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Spokane, Washington  Est. May 19, 1883
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Stalking suspect may have tried to run over officer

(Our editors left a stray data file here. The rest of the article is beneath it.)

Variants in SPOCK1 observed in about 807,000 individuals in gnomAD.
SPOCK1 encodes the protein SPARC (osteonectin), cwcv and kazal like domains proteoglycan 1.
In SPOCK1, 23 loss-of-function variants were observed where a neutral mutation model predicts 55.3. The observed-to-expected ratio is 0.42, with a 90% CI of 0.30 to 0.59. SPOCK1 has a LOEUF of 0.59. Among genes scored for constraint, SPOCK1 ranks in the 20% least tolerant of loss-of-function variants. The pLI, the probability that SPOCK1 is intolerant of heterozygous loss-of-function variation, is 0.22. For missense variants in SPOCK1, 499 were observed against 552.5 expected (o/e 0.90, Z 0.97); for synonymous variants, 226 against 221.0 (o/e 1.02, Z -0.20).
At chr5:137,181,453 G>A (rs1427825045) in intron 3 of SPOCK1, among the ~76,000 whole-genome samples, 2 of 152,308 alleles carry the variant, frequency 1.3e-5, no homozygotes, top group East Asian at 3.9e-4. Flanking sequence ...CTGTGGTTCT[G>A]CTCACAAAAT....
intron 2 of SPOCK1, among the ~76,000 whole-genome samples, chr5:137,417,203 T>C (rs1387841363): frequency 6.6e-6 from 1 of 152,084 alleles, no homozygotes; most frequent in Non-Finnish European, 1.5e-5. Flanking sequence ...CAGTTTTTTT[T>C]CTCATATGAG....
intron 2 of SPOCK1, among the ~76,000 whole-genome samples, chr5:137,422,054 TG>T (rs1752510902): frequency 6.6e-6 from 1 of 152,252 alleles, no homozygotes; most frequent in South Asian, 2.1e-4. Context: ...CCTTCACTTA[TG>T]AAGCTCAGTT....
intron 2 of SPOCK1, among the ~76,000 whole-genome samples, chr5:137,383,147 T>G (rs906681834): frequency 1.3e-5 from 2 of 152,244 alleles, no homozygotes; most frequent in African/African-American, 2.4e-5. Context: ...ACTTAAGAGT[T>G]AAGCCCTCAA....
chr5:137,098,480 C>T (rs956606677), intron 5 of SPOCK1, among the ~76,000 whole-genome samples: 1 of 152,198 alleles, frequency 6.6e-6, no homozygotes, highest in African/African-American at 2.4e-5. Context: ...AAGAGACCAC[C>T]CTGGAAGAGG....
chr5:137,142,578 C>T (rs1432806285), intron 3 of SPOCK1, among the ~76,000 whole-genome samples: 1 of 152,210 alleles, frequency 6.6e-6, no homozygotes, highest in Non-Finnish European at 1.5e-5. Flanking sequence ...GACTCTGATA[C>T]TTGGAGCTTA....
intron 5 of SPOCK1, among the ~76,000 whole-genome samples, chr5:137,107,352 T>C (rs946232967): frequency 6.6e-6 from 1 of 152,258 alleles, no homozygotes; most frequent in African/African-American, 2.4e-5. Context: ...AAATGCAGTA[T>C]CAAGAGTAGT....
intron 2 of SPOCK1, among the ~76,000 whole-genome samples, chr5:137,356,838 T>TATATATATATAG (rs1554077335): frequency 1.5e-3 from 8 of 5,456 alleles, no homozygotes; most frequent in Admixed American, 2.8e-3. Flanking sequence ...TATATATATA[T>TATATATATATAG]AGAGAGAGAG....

A stalking suspect was shot and injured Saturday by police while in a stolen Chevy Monte Carlo, but a police officer told investigators that the car was pointed at her and the engine was revving when the suspect was shot by her police partner. Police spotted Joseph E. Hensz driving west on Knox Avenue toward Monroe Street at more than 100 miles per hour just before 8:30 p.m. Saturday after his ex-girlfriend’s family had called 911 several times that day to report that Hensz was stalking and harassing them, according to court documents. A patrol car driven by Officer Michael Roberge with Officer Amy Woodyard as a passenger caught up to Hensz at a stop sign at Montgomery Avenue and Post Street, court documents say. When Hensz accelerated away, Roberge used the front end of his car to bump the back end of Hensz’s car in a “pit maneuver,” court records say. Both cars spun around and the passenger side of the police car was up against a tree, Woodyard told Washington State Patrol investigators. Roberge got out of the car, but Woodyard had to climb through the car and get out on the driver’s side because her door was blocked. Woodyard told investigators that when she got out of the car, she could see the headlights of Hensz’s car pointed at her and hear the engine revving, according to court documents. Roberge fired after the car began moving forward, Woodyard told investigators. Hensz’s car circled west and then south before stopping. Roberge fired four times through an open window and Hensz was hit once. Investigators recovered three bullets from inside the car along with a clear baggie containing a white powder residue. No gun was found in the car. The WSP is handling the investigation into the shooting and has not released information about Hensz’s injuries. He is in stable condition at a local hospital, said Spokane police spokeswoman Monique Cotton. An investigator with collision reconstruction training said the tire marks and acceleration marks found at the scene support Woodyard’s statements, according to court documents. Roberge was wearing a body camera but it was not turned on during the incident.
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